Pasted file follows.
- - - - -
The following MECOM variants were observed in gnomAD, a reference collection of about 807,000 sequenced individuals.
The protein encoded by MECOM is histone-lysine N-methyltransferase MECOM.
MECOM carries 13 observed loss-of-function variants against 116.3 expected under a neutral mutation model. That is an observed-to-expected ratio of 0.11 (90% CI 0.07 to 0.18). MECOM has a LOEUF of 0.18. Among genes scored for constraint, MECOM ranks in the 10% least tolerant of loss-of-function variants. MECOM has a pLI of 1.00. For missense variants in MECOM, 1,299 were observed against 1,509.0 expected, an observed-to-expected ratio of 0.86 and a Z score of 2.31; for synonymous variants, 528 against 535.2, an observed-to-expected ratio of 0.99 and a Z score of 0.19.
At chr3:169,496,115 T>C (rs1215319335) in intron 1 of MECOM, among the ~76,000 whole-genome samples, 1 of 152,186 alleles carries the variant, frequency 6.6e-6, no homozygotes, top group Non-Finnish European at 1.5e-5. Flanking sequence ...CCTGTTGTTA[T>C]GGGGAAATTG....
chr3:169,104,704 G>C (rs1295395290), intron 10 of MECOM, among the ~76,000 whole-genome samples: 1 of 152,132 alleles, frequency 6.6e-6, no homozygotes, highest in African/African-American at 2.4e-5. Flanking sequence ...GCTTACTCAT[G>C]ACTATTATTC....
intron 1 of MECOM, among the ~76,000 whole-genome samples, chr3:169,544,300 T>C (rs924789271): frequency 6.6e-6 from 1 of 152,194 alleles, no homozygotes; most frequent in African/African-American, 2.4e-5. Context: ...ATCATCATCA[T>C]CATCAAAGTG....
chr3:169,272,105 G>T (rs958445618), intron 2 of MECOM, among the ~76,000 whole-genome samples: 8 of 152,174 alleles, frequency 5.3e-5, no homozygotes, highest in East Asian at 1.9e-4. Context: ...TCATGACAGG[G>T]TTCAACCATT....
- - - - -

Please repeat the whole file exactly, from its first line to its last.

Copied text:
The following MECOM variants were observed in gnomAD, a reference collection of about 807,000 sequenced individuals.
The protein encoded by MECOM is histone-lysine N-methyltransferase MECOM.
MECOM carries 13 observed loss-of-function variants against 116.3 expected under a neutral mutation model. That is an observed-to-expected ratio of 0.11 (90% CI 0.07 to 0.18). MECOM has a LOEUF of 0.18. Among genes scored for constraint, MECOM ranks in the 10% least tolerant of loss-of-function variants. MECOM has a pLI of 1.00. For missense variants in MECOM, 1,299 were observed against 1,509.0 expected, an observed-to-expected ratio of 0.86 and a Z score of 2.31; for synonymous variants, 528 against 535.2, an observed-to-expected ratio of 0.99 and a Z score of 0.19.
At chr3:169,496,115 T>C (rs1215319335) in intron 1 of MECOM, among the ~76,000 whole-genome samples, 1 of 152,186 alleles carries the variant, frequency 6.6e-6, no homozygotes, top group Non-Finnish European at 1.5e-5. Flanking sequence ...CCTGTTGTTA[T>C]GGGGAAATTG....
chr3:169,104,704 G>C (rs1295395290), intron 10 of MECOM, among the ~76,000 whole-genome samples: 1 of 152,132 alleles, frequency 6.6e-6, no homozygotes, highest in African/African-American at 2.4e-5. Flanking sequence ...GCTTACTCAT[G>C]ACTATTATTC....
intron 1 of MECOM, among the ~76,000 whole-genome samples, chr3:169,544,300 T>C (rs924789271): frequency 6.6e-6 from 1 of 152,194 alleles, no homozygotes; most frequent in African/African-American, 2.4e-5. Context: ...ATCATCATCA[T>C]CATCAAAGTG....
chr3:169,272,105 G>T (rs958445618), intron 2 of MECOM, among the ~76,000 whole-genome samples: 8 of 152,174 alleles, frequency 5.3e-5, no homozygotes, highest in East Asian at 1.9e-4. Context: ...TCATGACAGG[G>T]TTCAACCATT....